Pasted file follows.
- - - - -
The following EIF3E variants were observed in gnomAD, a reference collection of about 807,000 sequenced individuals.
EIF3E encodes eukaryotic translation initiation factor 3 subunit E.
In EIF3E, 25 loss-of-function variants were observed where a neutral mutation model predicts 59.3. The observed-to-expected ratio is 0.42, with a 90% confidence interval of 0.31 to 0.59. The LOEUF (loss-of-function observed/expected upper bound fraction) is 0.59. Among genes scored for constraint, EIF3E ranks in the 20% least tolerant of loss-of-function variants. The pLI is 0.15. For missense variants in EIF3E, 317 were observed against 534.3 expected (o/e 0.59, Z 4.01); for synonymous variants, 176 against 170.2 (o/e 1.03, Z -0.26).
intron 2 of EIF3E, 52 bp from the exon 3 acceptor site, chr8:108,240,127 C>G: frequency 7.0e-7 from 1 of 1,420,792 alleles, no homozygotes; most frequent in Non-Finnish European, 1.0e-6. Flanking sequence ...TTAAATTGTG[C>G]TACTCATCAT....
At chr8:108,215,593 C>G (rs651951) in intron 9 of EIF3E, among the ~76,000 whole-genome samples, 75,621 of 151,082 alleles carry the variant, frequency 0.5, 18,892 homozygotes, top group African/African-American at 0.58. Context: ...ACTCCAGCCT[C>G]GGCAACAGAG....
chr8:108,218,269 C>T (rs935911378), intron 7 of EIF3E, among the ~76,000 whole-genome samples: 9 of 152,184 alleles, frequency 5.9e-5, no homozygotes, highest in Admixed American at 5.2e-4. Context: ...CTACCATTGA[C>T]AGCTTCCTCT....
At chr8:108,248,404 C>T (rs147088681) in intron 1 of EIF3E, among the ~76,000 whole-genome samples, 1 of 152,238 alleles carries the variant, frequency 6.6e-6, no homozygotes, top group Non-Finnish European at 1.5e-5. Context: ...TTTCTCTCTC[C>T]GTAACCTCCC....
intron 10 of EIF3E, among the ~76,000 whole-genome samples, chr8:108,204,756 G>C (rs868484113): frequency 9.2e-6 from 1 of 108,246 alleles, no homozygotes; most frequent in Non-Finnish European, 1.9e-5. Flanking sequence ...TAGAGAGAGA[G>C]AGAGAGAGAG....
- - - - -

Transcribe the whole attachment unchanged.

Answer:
The following EIF3E variants were observed in gnomAD, a reference collection of about 807,000 sequenced individuals.
EIF3E encodes eukaryotic translation initiation factor 3 subunit E.
In EIF3E, 25 loss-of-function variants were observed where a neutral mutation model predicts 59.3. The observed-to-expected ratio is 0.42, with a 90% confidence interval of 0.31 to 0.59. The LOEUF (loss-of-function observed/expected upper bound fraction) is 0.59. Among genes scored for constraint, EIF3E ranks in the 20% least tolerant of loss-of-function variants. The pLI is 0.15. For missense variants in EIF3E, 317 were observed against 534.3 expected (o/e 0.59, Z 4.01); for synonymous variants, 176 against 170.2 (o/e 1.03, Z -0.26).
intron 2 of EIF3E, 52 bp from the exon 3 acceptor site, chr8:108,240,127 C>G: frequency 7.0e-7 from 1 of 1,420,792 alleles, no homozygotes; most frequent in Non-Finnish European, 1.0e-6. Flanking sequence ...TTAAATTGTG[C>G]TACTCATCAT....
At chr8:108,215,593 C>G (rs651951) in intron 9 of EIF3E, among the ~76,000 whole-genome samples, 75,621 of 151,082 alleles carry the variant, frequency 0.5, 18,892 homozygotes, top group African/African-American at 0.58. Context: ...ACTCCAGCCT[C>G]GGCAACAGAG....
chr8:108,218,269 C>T (rs935911378), intron 7 of EIF3E, among the ~76,000 whole-genome samples: 9 of 152,184 alleles, frequency 5.9e-5, no homozygotes, highest in Admixed American at 5.2e-4. Context: ...CTACCATTGA[C>T]AGCTTCCTCT....
At chr8:108,248,404 C>T (rs147088681) in intron 1 of EIF3E, among the ~76,000 whole-genome samples, 1 of 152,238 alleles carries the variant, frequency 6.6e-6, no homozygotes, top group Non-Finnish European at 1.5e-5. Context: ...TTTCTCTCTC[C>T]GTAACCTCCC....
intron 10 of EIF3E, among the ~76,000 whole-genome samples, chr8:108,204,756 G>C (rs868484113): frequency 9.2e-6 from 1 of 108,246 alleles, no homozygotes; most frequent in Non-Finnish European, 1.9e-5. Flanking sequence ...TAGAGAGAGA[G>C]AGAGAGAGAG....